Demonic possession could not only happened during the night but also during awaking . Moreover, wondering demons could enter and haunt houses. In fact, magical spells contain a list of the parts of the house that can be defended against demons. Demons can move between the earth and beyond. When demons act as guardians of gates to the netherworld, they can be benevolent if the deceased possess the magic to face them.

Both gods and demons are messengers and can act against humankind. Demons may sent death plague by furies goddess Sakhmet and Bastet. “The slaughterers"- evil-bringers –are mainly related to Sekhmet in her aggressive and potentially destructive aspect The role of the slaughterers in relation to the deceased of the Book of the Dead is a rather terrifying one: he attempts to make them content by praising them.
An extremely important topic of the ancient Egyptian funerary literature of the New Kingdom, involves the protection of the heart, which indirectly recalls the final judgment, the moment in which destructive forces and dangers in general, as symbolized by demons,reached their apex in the Realm of the Dead and therefore the deceased needed the protection of funerary magic.

In the Late Period and Ptolemiac and Roman Periods as the astrology gained prominence in Egyptian religious thought a certain astral bodies if Northern constellation were demonized. For instance, a certain astral bodies that were depicted on the astronomical ceiling of temples and tombs corresponded with demonic inhibitants called “ mounds of netherworld” as were described in Spell 149 of the Book of the Dead.

Spell 151

Guardian, on the other hand, can be benevolent toward those who have the secret knowledge of their names as well as the knowledge how to face them. They attached to a specific places like pool, river or mauntain from where they attack the passerby. Similarly, other system of beliefs, for example Hellenistic world recognized the existence of such demons. Their aggressive nature is a result of the need to protect their abode. Thus, they differ from disease demons who attack the human body or places that don’t belong to them. They are described in the spells 144-147 of the Book of dead and the book of netherworld. Their dreadful nature made them suitable to protect sacred places and as such they took on the role of temple genni in Late and Ptolemaic Periods. Guardian demons have hybrid human animal appearance. In ancient Egypt teriomorphic traits accentuate most fearful aspects of demons stress those beings “otherness” Snakes, feline, reptailes, bulls, goats, scorpions, falcons or vultures can be a part of demonic body. This iconography is similar to deities depicted in animal or hybrid forms. Typical of demonic iconography are fantastic animals or monstrous iconographies that combine 2 or 3 animal and humans into one body, for example Ammut crocodile, leo and hippo“the devourer of the dead” Funerary compositions depict demons with snakes and anthropomorphic legs, multiple heads or wings. Those demons serve as benevolent or malevolent guardians. Gigantic python, Apep, is their prototype. But Apep is not considered as demon due to his cosmic role of being the enemy of Ra.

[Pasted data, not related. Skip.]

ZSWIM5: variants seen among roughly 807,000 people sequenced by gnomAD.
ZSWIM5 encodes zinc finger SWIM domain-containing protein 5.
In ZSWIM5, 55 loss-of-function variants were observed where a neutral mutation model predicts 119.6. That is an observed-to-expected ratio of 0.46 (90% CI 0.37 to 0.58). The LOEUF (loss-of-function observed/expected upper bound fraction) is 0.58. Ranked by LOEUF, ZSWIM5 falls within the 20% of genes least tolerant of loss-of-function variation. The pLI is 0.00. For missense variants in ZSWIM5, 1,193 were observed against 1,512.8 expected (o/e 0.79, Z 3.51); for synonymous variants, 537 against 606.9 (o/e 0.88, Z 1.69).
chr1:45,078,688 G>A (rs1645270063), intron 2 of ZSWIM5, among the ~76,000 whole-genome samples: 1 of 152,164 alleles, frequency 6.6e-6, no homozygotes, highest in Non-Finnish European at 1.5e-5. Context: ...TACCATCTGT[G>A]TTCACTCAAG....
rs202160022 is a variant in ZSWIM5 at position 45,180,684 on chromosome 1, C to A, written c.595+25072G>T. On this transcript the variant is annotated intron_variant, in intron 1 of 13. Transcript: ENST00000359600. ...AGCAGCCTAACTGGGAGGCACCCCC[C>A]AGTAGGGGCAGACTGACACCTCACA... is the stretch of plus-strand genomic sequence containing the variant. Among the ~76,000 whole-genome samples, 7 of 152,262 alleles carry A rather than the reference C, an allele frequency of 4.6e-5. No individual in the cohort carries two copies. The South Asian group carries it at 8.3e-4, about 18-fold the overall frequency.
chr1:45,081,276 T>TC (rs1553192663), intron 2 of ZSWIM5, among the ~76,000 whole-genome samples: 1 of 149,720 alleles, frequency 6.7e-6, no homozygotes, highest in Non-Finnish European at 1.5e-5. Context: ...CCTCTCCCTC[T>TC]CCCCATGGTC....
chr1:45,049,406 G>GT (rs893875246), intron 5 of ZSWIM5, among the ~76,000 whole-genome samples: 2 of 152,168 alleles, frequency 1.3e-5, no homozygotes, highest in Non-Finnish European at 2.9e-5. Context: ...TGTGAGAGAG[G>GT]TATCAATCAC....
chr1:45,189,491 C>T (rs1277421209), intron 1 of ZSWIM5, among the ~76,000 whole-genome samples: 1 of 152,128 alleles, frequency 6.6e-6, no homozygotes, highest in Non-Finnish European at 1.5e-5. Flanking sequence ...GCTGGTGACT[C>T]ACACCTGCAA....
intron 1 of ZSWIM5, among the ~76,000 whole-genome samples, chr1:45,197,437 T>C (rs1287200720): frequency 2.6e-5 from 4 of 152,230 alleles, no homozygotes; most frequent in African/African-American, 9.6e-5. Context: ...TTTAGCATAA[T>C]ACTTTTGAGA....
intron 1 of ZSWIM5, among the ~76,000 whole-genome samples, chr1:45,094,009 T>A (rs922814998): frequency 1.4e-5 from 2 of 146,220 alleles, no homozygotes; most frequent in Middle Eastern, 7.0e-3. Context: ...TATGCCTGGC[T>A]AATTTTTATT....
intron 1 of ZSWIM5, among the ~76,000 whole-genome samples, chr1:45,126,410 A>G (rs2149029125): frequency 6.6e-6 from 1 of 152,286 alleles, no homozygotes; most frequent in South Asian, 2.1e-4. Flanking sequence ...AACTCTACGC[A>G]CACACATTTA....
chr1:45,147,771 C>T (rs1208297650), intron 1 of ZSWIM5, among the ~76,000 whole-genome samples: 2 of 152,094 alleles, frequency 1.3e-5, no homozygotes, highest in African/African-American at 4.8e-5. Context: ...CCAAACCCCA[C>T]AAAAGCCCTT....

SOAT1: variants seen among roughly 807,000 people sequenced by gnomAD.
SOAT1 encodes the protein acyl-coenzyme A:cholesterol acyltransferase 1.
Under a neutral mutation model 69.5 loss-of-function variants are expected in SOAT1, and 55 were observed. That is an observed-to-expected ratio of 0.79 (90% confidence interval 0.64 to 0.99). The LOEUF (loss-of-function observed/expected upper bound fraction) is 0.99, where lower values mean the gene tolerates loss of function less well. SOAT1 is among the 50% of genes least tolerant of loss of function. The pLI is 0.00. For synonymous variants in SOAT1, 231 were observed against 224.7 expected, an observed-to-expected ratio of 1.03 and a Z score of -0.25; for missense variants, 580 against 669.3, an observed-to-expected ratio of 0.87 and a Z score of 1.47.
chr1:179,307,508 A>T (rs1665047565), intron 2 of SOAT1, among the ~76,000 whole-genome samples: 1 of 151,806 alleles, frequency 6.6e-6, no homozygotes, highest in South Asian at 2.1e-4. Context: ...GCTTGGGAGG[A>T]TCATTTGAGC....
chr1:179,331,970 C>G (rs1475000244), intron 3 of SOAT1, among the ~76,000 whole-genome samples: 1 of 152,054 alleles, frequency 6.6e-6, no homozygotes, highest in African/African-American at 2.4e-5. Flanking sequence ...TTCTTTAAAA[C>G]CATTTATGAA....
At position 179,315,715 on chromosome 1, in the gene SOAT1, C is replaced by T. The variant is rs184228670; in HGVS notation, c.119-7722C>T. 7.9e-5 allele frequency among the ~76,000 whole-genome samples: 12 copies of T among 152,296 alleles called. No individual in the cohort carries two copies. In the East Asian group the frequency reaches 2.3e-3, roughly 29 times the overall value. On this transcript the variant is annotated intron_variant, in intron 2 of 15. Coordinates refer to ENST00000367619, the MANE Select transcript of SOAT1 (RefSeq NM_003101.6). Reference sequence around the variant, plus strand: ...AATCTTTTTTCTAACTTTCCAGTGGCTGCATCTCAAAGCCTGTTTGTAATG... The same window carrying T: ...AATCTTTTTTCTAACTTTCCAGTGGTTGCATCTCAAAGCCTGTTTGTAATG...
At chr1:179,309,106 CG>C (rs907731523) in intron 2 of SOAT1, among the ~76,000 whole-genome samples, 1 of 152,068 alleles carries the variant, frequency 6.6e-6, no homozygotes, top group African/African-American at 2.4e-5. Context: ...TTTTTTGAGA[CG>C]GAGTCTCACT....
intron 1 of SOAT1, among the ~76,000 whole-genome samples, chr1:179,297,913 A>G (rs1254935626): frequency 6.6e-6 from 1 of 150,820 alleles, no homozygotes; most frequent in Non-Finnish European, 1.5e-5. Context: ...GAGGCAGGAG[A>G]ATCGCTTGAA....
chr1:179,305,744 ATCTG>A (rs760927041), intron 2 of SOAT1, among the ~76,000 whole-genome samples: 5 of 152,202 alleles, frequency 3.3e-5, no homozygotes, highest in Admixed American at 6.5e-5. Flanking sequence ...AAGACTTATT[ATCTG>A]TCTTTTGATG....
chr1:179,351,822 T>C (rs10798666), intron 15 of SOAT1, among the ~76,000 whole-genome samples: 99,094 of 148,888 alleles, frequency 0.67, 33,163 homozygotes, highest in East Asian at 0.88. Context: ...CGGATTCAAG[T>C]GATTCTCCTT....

Book of the Dead spell 87 and 88 from the Papyrus of Ani

A minor demon, Qed-Her had the head of a cat from which two serpents emerge and Knife Wielding demons seated before gates of the netherworld.

Detail from the papyrus of Hunefer; the sun god represented as a cat kills the serpent of darkness with a knife.

Detail from the papyrus of Hunefer; the sun god represented as a cat kills the serpent of darkness with a knife.
The guardians of the Book of the Dead are representation of a hybrid creature with human body and animal head. Even though their appearance is not different from gods depicted in hybrid forms, the repertoire of the animals is more varied reptiles, felines, canines, donkeys, baboons, hippopotami, goats, bulls, insects, scorpions, and birds such as falcons and vultures. The role of the guardian-demons is that of opening the gates of the netherworld for Osiris. In fact, the private funerary sphere to which the Book of the Dead spells refer gains an amplified cosmogonical and ritual dimension that concerns the rebirth and power of Osiris in the netherworld.

Both funerary magic that involves opening the gates of the netherworld and temple ritual where the rituals were performed are based on ‘opening the way’ through gates and doors that separate different domains (earth/netherworld, pure/impure, sacred/profane).

The guardian demons become therefore the link among funerary and daily ritual magic. In BD 145 the deceased declares in front of the gates
‘Make way for me, since I know you, I know your name, I know the name of the god who guards you.’